Posted on November 11, 2013
While many people think that buckwheat is a cereal grain, it is actually a fruit seed that is related to rhubarb and sorrel, making it a suitable grain substitute for those who are sensitive to wheat or other grains that contain protein glutens. The buckwheat flowers are very fragrant and attractive to bees that use them to produce a special, strongly flavored dark honey. It is also used as a cover crop, and then harvested for it’s seeds.
The cultivation of buckwheat declined sharply in the 20th century with the adoption of nitrogen fertilizer that increased the productivity of other staples grown. The name ‘buckwheat’ or ‘beech wheat’ comes from its triangular seeds, which resemble the much larger seeds of the beech nut, and the fact that it has been used like wheat. Buckwheat noodles have been eaten by people from Tibet and northern China for a long time, as wheat cannot be grown in the mountain regions. Buckwheat noodles also play a major role in the cuisines of Japan (soba), Korea (naengmyeon and makguksu noodles), and the northern region of Italy (pizzoccheri). Groats were commonly used in western Asia and eastern Europe, but the common porridge is often still, considered a peasant dish. Kasha was made from roasted groats that were cooked with broth to a texture similar to rice or bulgur. This dish was brought to America by Russian and Polish immigrants. Here in America they are now starting to use buckwheat in beer and whiskey making.
Buckwheat’s beneficial effects are due in part to its rich supply of flavonoids, particularly rutin. Flavonoids are phytonutrients that protect against disease by extending the action of vitamin C, and acting as antioxidants. Buckwheat’s lipid-lowering activity is largely due to rutin and other flavonoid compounds. These compounds help maintain blood flow, keep platelets from clotting excessively (platelets are compounds in blood that, when triggered, clump together), and protect LDL from free radical oxidation into potentially harmful cholesterol oxides. All these actions help to protect against heart disease. High protein buckwheat flour is being studied for possible use as a functional ingredient in foods to reduce plasma cholesterol, body fat, and cholesterol gallstones.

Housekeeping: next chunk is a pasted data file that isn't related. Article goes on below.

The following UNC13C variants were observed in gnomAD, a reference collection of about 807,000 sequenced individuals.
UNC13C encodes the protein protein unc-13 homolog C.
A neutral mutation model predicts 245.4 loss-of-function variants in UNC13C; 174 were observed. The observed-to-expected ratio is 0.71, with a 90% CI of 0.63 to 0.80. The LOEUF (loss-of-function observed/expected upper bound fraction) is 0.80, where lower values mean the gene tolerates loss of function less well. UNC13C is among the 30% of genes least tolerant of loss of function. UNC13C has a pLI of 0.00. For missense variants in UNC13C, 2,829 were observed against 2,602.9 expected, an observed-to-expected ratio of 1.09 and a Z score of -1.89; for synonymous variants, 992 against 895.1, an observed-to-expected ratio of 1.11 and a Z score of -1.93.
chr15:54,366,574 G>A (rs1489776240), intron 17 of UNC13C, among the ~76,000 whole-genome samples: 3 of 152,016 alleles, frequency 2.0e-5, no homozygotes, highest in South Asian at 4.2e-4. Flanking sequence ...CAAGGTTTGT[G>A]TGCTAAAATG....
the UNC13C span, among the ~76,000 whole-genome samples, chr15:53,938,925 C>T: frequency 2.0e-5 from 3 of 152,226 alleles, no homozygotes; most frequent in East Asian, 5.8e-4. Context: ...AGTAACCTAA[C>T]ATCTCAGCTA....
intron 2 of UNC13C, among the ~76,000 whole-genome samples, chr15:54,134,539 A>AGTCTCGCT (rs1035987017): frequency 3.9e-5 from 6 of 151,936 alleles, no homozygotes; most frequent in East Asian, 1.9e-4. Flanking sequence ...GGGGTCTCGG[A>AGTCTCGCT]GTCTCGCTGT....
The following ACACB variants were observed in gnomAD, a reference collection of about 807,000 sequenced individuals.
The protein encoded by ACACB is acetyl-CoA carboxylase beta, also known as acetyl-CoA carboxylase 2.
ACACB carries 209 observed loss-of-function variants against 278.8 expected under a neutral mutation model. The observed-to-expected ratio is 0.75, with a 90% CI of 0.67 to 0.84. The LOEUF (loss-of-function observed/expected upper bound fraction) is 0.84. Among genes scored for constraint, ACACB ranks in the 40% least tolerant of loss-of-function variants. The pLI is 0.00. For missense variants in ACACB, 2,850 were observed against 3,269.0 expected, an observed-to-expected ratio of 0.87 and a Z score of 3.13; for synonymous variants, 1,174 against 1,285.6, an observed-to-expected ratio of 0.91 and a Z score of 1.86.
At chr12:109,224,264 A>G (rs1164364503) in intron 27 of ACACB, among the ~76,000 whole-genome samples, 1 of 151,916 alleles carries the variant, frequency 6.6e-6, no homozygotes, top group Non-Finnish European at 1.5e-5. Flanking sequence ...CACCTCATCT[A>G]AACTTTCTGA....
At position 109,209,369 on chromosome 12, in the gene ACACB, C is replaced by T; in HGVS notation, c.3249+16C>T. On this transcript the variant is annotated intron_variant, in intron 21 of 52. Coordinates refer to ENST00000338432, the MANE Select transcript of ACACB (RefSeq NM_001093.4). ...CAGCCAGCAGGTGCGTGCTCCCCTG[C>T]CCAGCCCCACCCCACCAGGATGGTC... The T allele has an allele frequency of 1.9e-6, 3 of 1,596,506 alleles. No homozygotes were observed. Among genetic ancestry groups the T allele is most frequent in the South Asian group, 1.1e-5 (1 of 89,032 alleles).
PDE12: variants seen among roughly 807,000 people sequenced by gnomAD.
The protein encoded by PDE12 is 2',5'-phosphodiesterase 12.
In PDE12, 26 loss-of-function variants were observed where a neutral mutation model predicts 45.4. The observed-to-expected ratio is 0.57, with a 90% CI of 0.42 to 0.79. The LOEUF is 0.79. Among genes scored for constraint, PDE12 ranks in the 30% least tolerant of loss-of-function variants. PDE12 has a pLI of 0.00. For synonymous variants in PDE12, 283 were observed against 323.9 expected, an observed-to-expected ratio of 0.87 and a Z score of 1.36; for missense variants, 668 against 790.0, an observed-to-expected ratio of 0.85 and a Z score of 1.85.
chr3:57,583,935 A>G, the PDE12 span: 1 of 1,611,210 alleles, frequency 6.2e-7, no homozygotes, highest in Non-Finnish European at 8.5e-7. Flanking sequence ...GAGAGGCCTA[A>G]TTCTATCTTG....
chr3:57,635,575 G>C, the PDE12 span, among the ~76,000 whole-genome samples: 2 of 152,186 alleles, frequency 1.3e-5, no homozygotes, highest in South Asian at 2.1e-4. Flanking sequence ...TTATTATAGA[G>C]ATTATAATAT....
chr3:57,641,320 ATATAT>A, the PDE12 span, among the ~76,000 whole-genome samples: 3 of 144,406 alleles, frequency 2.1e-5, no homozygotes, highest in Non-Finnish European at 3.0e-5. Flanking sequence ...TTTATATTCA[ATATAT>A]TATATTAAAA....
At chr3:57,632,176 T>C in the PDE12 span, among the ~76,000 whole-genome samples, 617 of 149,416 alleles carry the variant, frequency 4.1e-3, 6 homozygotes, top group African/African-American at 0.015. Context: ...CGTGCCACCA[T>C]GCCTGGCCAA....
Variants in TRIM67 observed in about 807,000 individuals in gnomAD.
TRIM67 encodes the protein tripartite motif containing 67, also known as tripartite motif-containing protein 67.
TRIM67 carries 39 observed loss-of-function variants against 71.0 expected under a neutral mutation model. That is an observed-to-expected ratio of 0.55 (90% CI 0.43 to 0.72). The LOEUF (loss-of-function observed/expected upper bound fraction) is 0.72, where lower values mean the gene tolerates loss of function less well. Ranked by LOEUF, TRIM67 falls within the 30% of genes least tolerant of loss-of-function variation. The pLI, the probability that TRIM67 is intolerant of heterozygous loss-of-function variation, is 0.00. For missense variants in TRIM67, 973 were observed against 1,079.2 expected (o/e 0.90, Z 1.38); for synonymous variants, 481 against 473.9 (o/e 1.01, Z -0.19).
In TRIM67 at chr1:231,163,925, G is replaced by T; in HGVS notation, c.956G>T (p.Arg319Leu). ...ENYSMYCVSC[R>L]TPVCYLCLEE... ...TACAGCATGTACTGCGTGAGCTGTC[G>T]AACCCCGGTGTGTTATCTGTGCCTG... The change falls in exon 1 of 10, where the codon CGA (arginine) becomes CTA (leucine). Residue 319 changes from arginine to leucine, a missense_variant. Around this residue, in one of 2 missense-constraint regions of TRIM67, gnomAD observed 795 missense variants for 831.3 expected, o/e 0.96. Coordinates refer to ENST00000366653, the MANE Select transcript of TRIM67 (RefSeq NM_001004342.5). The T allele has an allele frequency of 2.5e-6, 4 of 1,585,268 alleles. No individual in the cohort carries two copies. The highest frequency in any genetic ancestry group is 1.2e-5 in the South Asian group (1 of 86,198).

Food / Fiber Content in Grams
Oatmeal, 1 cup / 3.98
Whole wheat bread, 1 slice / 2
Whole wheat spaghetti, 1 cup / 6.3
Brown rice, 1 cup / 3.5
Barley, 1 cup / 13.6
Buckwheat, 1 cup / 4.54
Rye, 1/3 cup / 8.22
Corn, 1 cup / 4.6
Apple, 1 medium with skin / 5.0
Banana, 1 medium / 4.0
Blueberries, 1 cup / 3.92
Orange, 1 large / 4.42
Pear, 1 large / 5.02
Prunes, 1/4 cup / 3.02
Strawberries, 1 cup / 3.82
Raspberries, 1 cup / 8.36
Buckwheat also contains almost 86 milligrams of magnesium in a one-cup serving. Magnesium relaxes blood vessels, keeps platelets from becoming too sticky, improving blood flow and nutrient delivery while lowering blood pressure—the perfect combination for a healthy cardiovascular system.
The component in buckwheat responsible for its blood glucose-lowering effects appears to be chiro-inositol, a compound that has been shown in other animal and human studies to play a significant role in glucose metabolism, cell signaling, and polycystic ovary syndrome. While researchers do not yet know precisely how it works, preliminary evidence suggests chiro-inositol makes cells more sensitive to insulin and may even act as an insulin mimic.
Energizing and nutritious buckwheat is available all throughout the year, can be served as an alternative to rice or made into porridge, ground into flour, and can be safely eaten by people who have celiac disease because it does not contain gluten.